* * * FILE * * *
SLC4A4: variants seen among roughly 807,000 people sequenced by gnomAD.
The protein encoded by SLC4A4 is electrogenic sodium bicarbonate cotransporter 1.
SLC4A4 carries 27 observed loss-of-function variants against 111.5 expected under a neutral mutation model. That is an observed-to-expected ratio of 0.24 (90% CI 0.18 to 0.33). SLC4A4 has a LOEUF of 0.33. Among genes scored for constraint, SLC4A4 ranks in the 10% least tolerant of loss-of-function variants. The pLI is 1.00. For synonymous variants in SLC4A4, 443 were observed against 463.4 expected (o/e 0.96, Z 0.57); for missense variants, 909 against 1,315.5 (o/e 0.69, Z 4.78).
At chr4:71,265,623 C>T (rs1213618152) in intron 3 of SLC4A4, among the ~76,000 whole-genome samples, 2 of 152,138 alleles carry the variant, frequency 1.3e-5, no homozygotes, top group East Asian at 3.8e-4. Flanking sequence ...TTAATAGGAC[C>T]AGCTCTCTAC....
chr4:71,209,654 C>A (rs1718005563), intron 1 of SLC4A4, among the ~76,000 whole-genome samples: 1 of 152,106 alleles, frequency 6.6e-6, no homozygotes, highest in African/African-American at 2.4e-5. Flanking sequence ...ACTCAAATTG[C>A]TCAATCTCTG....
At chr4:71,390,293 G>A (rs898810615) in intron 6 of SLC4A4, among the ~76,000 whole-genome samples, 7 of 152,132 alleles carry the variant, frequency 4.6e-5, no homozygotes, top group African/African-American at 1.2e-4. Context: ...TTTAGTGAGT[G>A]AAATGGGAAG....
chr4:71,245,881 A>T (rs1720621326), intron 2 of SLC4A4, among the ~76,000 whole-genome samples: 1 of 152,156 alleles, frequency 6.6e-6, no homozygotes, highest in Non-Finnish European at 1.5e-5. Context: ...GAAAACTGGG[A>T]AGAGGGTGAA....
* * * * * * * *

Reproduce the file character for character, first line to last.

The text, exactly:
SLC4A4: variants seen among roughly 807,000 people sequenced by gnomAD.
The protein encoded by SLC4A4 is electrogenic sodium bicarbonate cotransporter 1.
SLC4A4 carries 27 observed loss-of-function variants against 111.5 expected under a neutral mutation model. That is an observed-to-expected ratio of 0.24 (90% CI 0.18 to 0.33). SLC4A4 has a LOEUF of 0.33. Among genes scored for constraint, SLC4A4 ranks in the 10% least tolerant of loss-of-function variants. The pLI is 1.00. For synonymous variants in SLC4A4, 443 were observed against 463.4 expected (o/e 0.96, Z 0.57); for missense variants, 909 against 1,315.5 (o/e 0.69, Z 4.78).
At chr4:71,265,623 C>T (rs1213618152) in intron 3 of SLC4A4, among the ~76,000 whole-genome samples, 2 of 152,138 alleles carry the variant, frequency 1.3e-5, no homozygotes, top group East Asian at 3.8e-4. Flanking sequence ...TTAATAGGAC[C>T]AGCTCTCTAC....
chr4:71,209,654 C>A (rs1718005563), intron 1 of SLC4A4, among the ~76,000 whole-genome samples: 1 of 152,106 alleles, frequency 6.6e-6, no homozygotes, highest in African/African-American at 2.4e-5. Flanking sequence ...ACTCAAATTG[C>A]TCAATCTCTG....
At chr4:71,390,293 G>A (rs898810615) in intron 6 of SLC4A4, among the ~76,000 whole-genome samples, 7 of 152,132 alleles carry the variant, frequency 4.6e-5, no homozygotes, top group African/African-American at 1.2e-4. Context: ...TTTAGTGAGT[G>A]AAATGGGAAG....
chr4:71,245,881 A>T (rs1720621326), intron 2 of SLC4A4, among the ~76,000 whole-genome samples: 1 of 152,156 alleles, frequency 6.6e-6, no homozygotes, highest in Non-Finnish European at 1.5e-5. Context: ...GAAAACTGGG[A>T]AGAGGGTGAA....